We all think we want more choice. But having too many options can leave us unable to decide – sometimes known as the paradox of choice. So is this stopping fleet managers from making the switch to electric vehicles (EVs)?
Read on to find out.
Fleet managers and the paradox of choice
Despite the relatively limited range of EV models available compared to vehicles with an internal combustion engine (ICE), the transition to EV remains full of considerations and choices.
From electricity supply and power capacity to operational requirements and charging infrastructure, many fleet managers are entering unknown territory. And, since unnecessary procrastination doesn’t lead to progress, we’ve outlined below a few of the decisions you’ll need to take when debating a switch to EVs.
What are your operational requirements?
This is the very first step in your electrification journey. An accurate understanding of how your organisation uses its fleet is crucial for working out how EVs would fare under the same conditions as their ICE counterparts.
To understand your operational requirements, you’ll look at a variety of information including:
- Fleet size
- Mileage (both per trip and per day)
- The purpose of each journey
- Your geographical areas of operation
- Your required resting locations
Using insights from analysing this info, you can build a Total Cost of Ownership (TCO) calculation: the complete cost of electrification throughout a vehicle’s lifecycle. This is useful for showing where you have an operational need for EVs, and where you can make cost savings.
How do you choose the right EVs?
Once you understand your operational needs, you can start to consider the practicalities:
- Function: Do you use your vehicles for transporting people from A to B (e.g. salespeople, work crews, or maybe even passengers), or are they carrying other loads (e.g. heavy goods, parcels, tools)?
- Drivability: Just like ICE models, different EVs will be suited to different driving environments and this will affect your choices
- Form: Although looks aren’t everything, your fleet represents your organisation so you can use it to not only promote your sustainability credentials, but your brand’s styling too
- Range: You’ll need to know how far each vehicle goes (typically) in a single journey and how many journeys there’ll be each day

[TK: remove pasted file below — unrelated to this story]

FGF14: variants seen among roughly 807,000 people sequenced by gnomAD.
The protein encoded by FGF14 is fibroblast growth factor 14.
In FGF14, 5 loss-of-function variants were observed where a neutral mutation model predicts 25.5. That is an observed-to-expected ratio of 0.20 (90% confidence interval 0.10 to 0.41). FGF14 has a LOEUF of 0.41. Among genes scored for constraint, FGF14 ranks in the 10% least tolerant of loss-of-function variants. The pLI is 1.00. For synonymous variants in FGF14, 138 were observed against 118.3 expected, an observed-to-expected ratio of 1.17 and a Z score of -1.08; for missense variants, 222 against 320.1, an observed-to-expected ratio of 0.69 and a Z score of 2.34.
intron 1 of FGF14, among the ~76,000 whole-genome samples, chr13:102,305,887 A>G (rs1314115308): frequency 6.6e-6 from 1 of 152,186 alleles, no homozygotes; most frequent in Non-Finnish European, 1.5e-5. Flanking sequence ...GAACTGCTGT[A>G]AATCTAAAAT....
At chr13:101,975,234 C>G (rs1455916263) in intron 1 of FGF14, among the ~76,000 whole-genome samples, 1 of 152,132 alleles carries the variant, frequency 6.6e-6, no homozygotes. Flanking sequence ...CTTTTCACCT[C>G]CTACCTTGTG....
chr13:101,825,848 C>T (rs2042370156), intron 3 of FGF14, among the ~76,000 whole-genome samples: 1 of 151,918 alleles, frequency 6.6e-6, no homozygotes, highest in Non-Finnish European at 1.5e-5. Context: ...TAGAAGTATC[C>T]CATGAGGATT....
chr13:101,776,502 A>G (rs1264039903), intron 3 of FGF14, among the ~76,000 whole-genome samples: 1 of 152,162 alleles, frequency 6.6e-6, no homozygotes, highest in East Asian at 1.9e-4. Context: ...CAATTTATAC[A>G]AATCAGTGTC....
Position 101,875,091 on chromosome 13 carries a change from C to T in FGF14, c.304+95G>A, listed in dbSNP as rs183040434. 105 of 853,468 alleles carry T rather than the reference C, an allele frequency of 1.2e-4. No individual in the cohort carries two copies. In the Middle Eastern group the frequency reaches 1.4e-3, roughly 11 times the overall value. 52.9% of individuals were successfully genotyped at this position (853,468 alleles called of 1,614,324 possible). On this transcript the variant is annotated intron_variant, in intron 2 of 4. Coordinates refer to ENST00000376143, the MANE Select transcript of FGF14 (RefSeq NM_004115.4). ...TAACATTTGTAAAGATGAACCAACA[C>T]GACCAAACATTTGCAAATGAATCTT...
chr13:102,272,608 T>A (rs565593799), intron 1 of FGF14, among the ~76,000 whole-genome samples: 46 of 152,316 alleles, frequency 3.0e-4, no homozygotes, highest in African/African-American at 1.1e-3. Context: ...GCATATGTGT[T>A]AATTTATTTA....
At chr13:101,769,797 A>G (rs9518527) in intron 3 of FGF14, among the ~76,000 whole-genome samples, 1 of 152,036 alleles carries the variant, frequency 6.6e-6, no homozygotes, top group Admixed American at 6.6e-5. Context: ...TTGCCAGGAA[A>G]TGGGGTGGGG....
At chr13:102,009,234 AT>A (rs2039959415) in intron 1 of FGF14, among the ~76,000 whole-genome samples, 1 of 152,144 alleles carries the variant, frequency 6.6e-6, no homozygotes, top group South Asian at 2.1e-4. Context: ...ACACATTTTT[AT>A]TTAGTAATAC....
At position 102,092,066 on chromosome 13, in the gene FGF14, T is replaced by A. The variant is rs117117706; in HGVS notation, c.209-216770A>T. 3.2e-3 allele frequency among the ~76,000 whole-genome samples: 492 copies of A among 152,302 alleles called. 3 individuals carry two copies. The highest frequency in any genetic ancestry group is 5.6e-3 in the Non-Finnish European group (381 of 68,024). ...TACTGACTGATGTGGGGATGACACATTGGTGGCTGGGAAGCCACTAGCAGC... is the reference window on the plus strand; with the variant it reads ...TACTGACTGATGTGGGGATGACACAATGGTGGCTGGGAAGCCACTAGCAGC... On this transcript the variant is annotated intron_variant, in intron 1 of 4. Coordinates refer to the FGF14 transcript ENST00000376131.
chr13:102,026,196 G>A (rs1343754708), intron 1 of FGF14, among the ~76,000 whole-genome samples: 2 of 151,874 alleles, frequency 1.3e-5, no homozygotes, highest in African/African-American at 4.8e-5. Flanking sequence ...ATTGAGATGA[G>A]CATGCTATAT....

- Charging: While some operations will only need to slowly recharge EVs overnight, rapid charging might be the only option for other ways of working, again affecting your EV choices
Fast vs slow chargers
Once you’ve decided on your vehicles, you’ll need the infrastructure to power them. That means working out how many charge points you want, where they need to be, and of what type.
Charge points fall into one of three broad categories: slow, fast, and rapid (measured in output of power, kW). Rapid charge points are the ones you’re most likely to see at public pit stops like motorway services, and they also tend to be the most expensive.
The audit from your operational requirements assessment will determine whether rapid charging is necessary. The alternative is to save money by choosing fast charging in appropriate locations. Or, you may need a combination of the two approaches.
Future thinking and the bigger picture
Your first step to electrification might be swapping a few ICE vehicles for EVs and/or installing a couple of charge points. However, the need – nationally – to electrify transportation is only going to accelerate.
Throughout this process, keep thinking towards the future. For example, when it comes to charge point installation, consider where you want to be in 10 years’ time. This could lead to you doing all the groundworks now to minimise the disruption, downtime and expense in the future.
Forward-thinking also means staying on top of technological advancements and market launches. Doing so will help you decide when the time’s right to expand (and, possibly, enhance) your EV commitment.
There’s no ‘one size fits all’ approach with EV
While electrification brings new considerations and challenges, it’s best to see it as a great opportunity: a chance to design a fleet truly suited to your organisation’s needs.
8 steps to electrifying your business fleet, a guide from Drax, arranges the sometimes complex electrification process into easy-to-understand, manageable steps. It can help you save time, create a cost-effective EV infrastructure, and avoid the potential for costly wrong turns.